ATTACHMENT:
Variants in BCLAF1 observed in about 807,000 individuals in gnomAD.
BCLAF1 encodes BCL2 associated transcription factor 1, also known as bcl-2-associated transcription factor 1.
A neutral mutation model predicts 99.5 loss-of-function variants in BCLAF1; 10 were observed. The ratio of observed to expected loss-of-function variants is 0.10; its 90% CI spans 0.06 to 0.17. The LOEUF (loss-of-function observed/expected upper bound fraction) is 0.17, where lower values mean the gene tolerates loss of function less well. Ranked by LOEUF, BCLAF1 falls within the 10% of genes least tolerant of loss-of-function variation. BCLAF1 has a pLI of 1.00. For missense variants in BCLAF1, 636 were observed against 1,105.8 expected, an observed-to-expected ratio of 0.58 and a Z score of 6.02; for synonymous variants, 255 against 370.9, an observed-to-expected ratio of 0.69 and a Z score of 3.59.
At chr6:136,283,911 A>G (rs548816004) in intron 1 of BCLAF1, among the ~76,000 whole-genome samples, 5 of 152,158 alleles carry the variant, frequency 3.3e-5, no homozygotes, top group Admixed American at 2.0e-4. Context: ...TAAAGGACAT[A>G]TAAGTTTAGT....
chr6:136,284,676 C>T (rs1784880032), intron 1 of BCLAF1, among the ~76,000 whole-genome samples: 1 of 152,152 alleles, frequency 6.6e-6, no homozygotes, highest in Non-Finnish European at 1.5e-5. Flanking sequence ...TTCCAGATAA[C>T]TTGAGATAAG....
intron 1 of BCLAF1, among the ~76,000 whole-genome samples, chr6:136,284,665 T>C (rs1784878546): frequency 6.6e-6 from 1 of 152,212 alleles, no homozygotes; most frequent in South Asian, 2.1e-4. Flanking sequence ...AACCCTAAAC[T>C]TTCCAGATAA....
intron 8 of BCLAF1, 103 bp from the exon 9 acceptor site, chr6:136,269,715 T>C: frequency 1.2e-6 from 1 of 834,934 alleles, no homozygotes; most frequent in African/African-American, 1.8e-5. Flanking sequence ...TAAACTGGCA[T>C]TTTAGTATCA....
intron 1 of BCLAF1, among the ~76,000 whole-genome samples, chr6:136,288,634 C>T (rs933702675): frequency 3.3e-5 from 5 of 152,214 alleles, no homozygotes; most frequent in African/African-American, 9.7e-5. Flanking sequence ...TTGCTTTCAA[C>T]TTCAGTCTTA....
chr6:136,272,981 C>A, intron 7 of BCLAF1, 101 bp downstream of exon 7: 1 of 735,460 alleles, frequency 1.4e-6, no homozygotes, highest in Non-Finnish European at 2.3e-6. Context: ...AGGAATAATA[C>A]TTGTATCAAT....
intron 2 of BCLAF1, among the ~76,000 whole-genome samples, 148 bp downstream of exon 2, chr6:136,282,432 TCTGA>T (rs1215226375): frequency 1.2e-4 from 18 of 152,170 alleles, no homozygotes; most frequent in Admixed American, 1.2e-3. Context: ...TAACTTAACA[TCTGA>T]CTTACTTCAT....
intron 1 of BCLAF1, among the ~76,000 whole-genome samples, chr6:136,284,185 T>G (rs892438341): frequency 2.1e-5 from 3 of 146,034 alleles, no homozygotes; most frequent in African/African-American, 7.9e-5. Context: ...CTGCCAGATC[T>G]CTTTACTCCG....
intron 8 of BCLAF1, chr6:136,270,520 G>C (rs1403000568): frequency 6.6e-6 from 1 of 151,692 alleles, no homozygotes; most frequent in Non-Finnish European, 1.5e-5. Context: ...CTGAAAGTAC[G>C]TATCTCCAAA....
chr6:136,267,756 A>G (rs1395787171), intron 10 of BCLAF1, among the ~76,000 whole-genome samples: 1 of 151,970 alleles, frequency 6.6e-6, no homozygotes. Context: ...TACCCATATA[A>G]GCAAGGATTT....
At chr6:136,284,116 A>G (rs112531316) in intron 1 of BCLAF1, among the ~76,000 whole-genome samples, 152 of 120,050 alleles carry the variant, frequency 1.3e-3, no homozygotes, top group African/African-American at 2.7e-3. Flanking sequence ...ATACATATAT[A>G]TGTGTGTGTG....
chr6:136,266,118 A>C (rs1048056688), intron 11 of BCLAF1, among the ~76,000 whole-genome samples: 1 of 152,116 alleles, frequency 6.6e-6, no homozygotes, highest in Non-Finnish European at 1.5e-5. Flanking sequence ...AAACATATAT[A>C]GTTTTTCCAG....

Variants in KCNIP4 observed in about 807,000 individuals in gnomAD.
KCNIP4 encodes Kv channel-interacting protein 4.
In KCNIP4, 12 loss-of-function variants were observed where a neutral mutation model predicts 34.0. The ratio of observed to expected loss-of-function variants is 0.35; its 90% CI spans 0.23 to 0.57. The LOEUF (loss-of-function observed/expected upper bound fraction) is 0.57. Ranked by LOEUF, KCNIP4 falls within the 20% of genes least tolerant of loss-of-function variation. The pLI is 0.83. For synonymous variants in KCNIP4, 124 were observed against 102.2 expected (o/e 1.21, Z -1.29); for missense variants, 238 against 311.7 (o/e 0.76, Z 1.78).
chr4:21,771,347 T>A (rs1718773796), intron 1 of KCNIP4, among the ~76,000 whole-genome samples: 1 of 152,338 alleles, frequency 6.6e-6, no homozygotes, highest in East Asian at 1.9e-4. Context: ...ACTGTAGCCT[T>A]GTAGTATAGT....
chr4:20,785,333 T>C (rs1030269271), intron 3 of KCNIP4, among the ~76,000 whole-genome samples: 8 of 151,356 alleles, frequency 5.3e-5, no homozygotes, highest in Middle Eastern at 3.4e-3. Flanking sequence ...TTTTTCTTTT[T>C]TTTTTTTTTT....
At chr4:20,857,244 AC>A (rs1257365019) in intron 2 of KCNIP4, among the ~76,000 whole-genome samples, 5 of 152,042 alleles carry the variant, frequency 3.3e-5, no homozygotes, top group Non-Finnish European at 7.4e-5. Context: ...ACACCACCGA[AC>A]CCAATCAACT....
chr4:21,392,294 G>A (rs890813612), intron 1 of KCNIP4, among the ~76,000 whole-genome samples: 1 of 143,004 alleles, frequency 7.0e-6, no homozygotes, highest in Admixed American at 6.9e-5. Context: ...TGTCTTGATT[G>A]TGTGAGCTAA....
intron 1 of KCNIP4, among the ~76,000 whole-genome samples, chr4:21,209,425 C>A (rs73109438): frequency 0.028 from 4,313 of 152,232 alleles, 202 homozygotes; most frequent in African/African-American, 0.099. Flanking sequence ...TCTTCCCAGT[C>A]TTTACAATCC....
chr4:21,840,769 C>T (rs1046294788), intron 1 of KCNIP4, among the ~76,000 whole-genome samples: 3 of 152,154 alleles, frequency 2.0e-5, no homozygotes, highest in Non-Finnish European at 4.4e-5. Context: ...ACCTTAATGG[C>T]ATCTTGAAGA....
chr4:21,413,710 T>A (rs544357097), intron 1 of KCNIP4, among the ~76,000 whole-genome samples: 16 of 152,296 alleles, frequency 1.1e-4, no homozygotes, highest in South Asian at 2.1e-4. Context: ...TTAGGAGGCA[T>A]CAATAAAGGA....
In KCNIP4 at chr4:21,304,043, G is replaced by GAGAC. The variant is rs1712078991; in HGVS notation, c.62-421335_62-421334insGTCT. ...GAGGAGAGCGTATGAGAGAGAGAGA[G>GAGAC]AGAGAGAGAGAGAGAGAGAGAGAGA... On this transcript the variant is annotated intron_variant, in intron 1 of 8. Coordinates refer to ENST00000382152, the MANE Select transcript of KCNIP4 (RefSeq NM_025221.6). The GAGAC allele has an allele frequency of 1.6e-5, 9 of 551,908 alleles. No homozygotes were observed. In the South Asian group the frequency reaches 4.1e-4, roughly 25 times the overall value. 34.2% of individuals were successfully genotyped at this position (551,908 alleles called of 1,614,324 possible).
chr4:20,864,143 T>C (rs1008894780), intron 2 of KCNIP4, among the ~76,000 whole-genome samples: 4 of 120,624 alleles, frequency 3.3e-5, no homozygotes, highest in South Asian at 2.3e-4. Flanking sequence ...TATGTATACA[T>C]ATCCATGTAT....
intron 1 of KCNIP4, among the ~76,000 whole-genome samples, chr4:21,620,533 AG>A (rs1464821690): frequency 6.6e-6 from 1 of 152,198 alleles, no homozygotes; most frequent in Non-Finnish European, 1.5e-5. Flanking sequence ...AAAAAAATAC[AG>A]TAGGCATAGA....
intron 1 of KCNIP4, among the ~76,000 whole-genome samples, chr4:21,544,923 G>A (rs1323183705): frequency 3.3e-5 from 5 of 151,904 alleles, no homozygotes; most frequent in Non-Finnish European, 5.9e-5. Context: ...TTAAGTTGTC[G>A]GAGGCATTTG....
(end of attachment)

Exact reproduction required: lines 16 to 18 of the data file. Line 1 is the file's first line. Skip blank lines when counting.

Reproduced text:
Variants in KCNIP4 observed in about 807,000 individuals in gnomAD.
KCNIP4 encodes Kv channel-interacting protein 4.
In KCNIP4, 12 loss-of-function variants were observed where a neutral mutation model predicts 34.0. The ratio of observed to expected loss-of-function variants is 0.35; its 90% CI spans 0.23 to 0.57. The LOEUF (loss-of-function observed/expected upper bound fraction) is 0.57. Ranked by LOEUF, KCNIP4 falls within the 20% of genes least tolerant of loss-of-function variation. The pLI is 0.83. For synonymous variants in KCNIP4, 124 were observed against 102.2 expected (o/e 1.21, Z -1.29); for missense variants, 238 against 311.7 (o/e 0.76, Z 1.78).